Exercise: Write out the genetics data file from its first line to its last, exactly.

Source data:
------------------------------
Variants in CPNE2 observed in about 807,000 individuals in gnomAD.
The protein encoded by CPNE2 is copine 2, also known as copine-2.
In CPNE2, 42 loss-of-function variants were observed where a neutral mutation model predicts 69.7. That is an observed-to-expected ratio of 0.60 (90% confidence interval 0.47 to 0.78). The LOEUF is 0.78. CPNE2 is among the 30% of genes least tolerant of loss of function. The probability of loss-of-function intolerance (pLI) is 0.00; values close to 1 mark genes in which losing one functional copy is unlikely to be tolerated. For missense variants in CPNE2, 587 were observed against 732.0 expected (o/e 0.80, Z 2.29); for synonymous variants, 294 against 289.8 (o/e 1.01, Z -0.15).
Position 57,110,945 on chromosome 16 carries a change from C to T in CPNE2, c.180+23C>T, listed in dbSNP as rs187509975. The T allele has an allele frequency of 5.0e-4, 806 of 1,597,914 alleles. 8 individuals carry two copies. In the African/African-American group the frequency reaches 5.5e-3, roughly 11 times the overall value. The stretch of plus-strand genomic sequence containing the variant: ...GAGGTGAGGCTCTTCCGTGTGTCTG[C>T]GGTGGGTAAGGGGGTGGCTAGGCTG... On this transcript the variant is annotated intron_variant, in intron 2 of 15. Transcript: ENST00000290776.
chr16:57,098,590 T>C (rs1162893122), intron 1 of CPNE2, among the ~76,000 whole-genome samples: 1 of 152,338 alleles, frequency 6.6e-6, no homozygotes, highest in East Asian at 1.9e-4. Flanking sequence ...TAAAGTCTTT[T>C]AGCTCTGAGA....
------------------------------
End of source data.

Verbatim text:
Variants in CPNE2 observed in about 807,000 individuals in gnomAD.
The protein encoded by CPNE2 is copine 2, also known as copine-2.
In CPNE2, 42 loss-of-function variants were observed where a neutral mutation model predicts 69.7. That is an observed-to-expected ratio of 0.60 (90% confidence interval 0.47 to 0.78). The LOEUF is 0.78. CPNE2 is among the 30% of genes least tolerant of loss of function. The probability of loss-of-function intolerance (pLI) is 0.00; values close to 1 mark genes in which losing one functional copy is unlikely to be tolerated. For missense variants in CPNE2, 587 were observed against 732.0 expected (o/e 0.80, Z 2.29); for synonymous variants, 294 against 289.8 (o/e 1.01, Z -0.15).
Position 57,110,945 on chromosome 16 carries a change from C to T in CPNE2, c.180+23C>T, listed in dbSNP as rs187509975. The T allele has an allele frequency of 5.0e-4, 806 of 1,597,914 alleles. 8 individuals carry two copies. In the African/African-American group the frequency reaches 5.5e-3, roughly 11 times the overall value. The stretch of plus-strand genomic sequence containing the variant: ...GAGGTGAGGCTCTTCCGTGTGTCTG[C>T]GGTGGGTAAGGGGGTGGCTAGGCTG... On this transcript the variant is annotated intron_variant, in intron 2 of 15. Transcript: ENST00000290776.
chr16:57,098,590 T>C (rs1162893122), intron 1 of CPNE2, among the ~76,000 whole-genome samples: 1 of 152,338 alleles, frequency 6.6e-6, no homozygotes, highest in East Asian at 1.9e-4. Flanking sequence ...TAAAGTCTTT[T>C]AGCTCTGAGA....